Emerging logo design trends to look for this year
A trend report by LogoLounge has revealed the some of the biggest visual styles and influences in logo design for 2015. The report also reveals how the advent of new digital devices has changed designers’ approaches to creating stylish, memorable logos.
Some of the key driving forces for evolvement in the world of logo design include the need for designers to adapt their visuals to a multitude of screen sizes. You need to be aware of the technological associations Millennials make with certain symbols.
In fact, a recent Pew Research Center report indicates that 91 percent of teenagers access information online through mobile devices. And because the world continues to be reduced to symbols, expect our communication to become more icon-based; this results in more common iconography that can cross language barriers.
The good news is that people are embracing creativity and are interested in design. Expect this generation to be more visually astute and capable of forming their own pathways. That means designers can experiment more and express their creativity. So, take a look at the biggest logo design trends to emerge so far this year:
The top emerging logo design trends
Dot tip logo design
To dull the sharpness of corners and edges, the additions of balls or circles bring closure and add additional weight to designs crafted wholly from lines. Dot tip moves the mono-line trend one step forward by adding the circles at each sharp tip. It brings back the essence of childhood playing connect dots.
Here designers have found a hybrid between simple one-colour iconic symbols and a more complex descriptive illustrative mark. By adding gradation and contours, highlights and shadow, yet limiting detail, keeps the marks just on this side of simplistic.
Concentrak logo design
Patterns in any definition usually include the repetition of elements and allows the viewer to mentally complete a picture with only partial information. These delicate linear logos give you space for imagination to expand and finish the picture.
5-pointed stars usually have a nationalist or religious connotation. The 4-pointed star is more of a ‘happy star’, representing a twinkle or sparkle, so the 4-pointed star is being refitted and reintroduced with a less divisive host of symbolism.
Pick-up sticks logo design
Randomness is an interesting concept though repeatedly dropping a fist full of pick-up-sticks will never create the same order twice–it nonetheless will create the same appearance each time.
This logo design trend uses mono-line solutions that rely only on lines to define their subject and adding a nostalgic colouring book skills and a smart limited palette. The colours can represent anything you want; think symbolism here and let your imagination run wild. Just don’t colour outside the lines.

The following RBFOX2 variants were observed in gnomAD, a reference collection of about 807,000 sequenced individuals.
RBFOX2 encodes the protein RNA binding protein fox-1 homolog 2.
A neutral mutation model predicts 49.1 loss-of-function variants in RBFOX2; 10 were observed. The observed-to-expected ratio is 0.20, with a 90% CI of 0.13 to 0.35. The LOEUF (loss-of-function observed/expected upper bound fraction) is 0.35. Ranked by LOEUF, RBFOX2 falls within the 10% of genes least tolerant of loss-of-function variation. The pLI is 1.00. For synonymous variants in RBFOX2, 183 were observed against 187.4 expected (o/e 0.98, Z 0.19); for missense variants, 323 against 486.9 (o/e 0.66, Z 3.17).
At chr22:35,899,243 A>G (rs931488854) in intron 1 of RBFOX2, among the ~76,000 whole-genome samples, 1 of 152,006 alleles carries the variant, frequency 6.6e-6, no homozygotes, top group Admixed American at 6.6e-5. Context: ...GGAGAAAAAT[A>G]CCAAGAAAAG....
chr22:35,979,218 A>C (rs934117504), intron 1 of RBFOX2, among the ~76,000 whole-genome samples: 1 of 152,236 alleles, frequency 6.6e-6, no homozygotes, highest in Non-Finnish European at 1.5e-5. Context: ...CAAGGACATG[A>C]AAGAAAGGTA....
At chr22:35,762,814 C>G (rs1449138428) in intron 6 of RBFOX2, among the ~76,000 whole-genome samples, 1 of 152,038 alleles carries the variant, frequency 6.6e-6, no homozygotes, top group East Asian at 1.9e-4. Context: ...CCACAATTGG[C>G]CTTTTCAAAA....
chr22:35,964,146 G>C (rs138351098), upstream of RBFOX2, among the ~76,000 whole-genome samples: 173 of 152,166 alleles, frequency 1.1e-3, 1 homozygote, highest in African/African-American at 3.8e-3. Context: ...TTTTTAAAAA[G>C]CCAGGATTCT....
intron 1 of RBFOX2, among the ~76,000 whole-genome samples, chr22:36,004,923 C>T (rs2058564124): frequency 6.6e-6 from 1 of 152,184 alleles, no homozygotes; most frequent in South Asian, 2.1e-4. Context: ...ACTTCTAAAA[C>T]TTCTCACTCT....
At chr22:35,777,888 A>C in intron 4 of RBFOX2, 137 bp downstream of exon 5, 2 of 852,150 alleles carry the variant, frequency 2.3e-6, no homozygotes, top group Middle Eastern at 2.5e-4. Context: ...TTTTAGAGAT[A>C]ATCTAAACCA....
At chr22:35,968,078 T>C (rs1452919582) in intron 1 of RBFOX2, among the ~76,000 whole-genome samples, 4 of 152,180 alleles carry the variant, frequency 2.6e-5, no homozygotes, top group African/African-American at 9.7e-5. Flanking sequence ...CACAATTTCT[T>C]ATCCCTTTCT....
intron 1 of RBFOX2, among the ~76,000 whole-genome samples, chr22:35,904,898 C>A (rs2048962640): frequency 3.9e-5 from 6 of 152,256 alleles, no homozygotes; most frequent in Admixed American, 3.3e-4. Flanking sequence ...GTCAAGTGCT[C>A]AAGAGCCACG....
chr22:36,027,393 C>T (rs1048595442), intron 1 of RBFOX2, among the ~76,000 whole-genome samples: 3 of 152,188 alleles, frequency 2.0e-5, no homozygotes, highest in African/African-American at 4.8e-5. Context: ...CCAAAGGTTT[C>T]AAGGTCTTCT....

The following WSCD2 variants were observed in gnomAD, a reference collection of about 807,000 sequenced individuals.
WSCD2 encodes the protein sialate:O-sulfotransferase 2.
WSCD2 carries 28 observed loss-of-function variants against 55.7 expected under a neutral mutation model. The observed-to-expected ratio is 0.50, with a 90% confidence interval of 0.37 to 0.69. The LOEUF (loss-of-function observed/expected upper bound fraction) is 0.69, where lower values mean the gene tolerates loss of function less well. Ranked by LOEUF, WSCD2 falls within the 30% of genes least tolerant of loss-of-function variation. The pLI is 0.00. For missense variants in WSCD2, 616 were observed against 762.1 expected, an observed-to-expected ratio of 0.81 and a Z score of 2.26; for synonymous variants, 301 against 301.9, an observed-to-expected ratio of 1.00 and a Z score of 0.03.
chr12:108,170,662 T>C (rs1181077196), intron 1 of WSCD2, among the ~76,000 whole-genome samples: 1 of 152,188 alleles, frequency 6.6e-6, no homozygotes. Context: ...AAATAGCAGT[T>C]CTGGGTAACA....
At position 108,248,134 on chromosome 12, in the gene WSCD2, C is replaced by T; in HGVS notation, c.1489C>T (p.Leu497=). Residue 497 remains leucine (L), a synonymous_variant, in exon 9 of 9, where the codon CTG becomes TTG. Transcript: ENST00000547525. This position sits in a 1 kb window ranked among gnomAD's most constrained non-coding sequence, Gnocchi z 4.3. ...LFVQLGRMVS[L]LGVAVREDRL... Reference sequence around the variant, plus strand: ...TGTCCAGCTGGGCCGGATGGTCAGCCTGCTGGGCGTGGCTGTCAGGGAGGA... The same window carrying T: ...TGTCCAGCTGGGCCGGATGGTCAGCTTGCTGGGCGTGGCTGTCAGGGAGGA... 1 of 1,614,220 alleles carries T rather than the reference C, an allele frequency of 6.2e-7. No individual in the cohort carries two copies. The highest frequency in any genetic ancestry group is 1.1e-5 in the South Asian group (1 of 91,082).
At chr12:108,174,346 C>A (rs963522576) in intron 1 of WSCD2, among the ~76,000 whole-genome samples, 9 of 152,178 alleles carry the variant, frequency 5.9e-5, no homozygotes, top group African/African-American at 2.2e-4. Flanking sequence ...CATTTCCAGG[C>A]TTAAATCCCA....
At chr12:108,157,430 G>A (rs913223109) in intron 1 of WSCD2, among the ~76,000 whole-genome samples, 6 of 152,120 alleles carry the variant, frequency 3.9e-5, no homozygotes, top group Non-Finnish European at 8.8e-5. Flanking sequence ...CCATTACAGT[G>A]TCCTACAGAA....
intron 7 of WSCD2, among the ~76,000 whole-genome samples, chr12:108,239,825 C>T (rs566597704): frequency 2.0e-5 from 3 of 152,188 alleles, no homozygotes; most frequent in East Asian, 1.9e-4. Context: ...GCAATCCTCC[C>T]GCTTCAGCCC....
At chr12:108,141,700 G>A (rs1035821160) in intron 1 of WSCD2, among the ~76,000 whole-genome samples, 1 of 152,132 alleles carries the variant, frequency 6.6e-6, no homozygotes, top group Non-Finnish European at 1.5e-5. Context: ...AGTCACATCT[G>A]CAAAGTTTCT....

Imagine a pie chart with the centre taken out. These unbroken bands have many underlying meanings from continuity, to seamless process, to eternal perfection.
What happens if you turn a triangle into a pixel? Full of diverse scale and with floating pieces, this logo design trend portrays motion and the story of process. It demonstrates a scientific quality and technology, much as a pixel would.
Photo logo design
Using a photo for a logo design isn’t a brand new trend. These logo designs are created with the same symbolic language we might use in a traditional logo, but using photo imagery instead of a graphic or a sketch. Images lift off the page and are often blended with other graphic components to complete the mark.
Master painters and artisans throughout history have created an ethereal radiance behind their subjects to indicate importance or a call for reverence. To demonstrate this in a graphic manner they used an array of vectors emanating from a central point.
Naive logo design style
This logo design style creates figural imagery that have the spontaneity and whimsy of a child’s drawing. Take that and merge it with the insight and subtle design nuances of a mature rendering and you have a naive logo style.
These marks are for the theorists that have forever believed identity designers are craftily inserting conspiratorial or hidden messages in their work. These designs symbolize many working together as one, demonstrated by dots and dashes in orderly parallel lines, achieves a common objective.
Using a single continuous line to swerve, tip and twist it’s way into a logo is a time-tested tool for designers. Quick and to the point these marks often rely on a line break or shadow at intersections to read well.
Detailed logo design
A single thin line can be a beautiful thing to behold. Unless it can’t hold it’s own when scaled down. Designers are resorting to whimsical patterns to add weight to their work. Embellishment is still possible, however it can be selected to enhance the mark by reflecting patterns of the culture, industry, or aesthetic.
Shaded logo design
Shadows provide immense amounts of information to tell our subconscious to gauge distance, differentiate texture and identify light sources. There’s absolutely nothing new about the use of the dimensional shadow, but designers are embracing the inclusion of this technique in record numbers.
If you need to practice your logo design, this website will generate random briefs for you.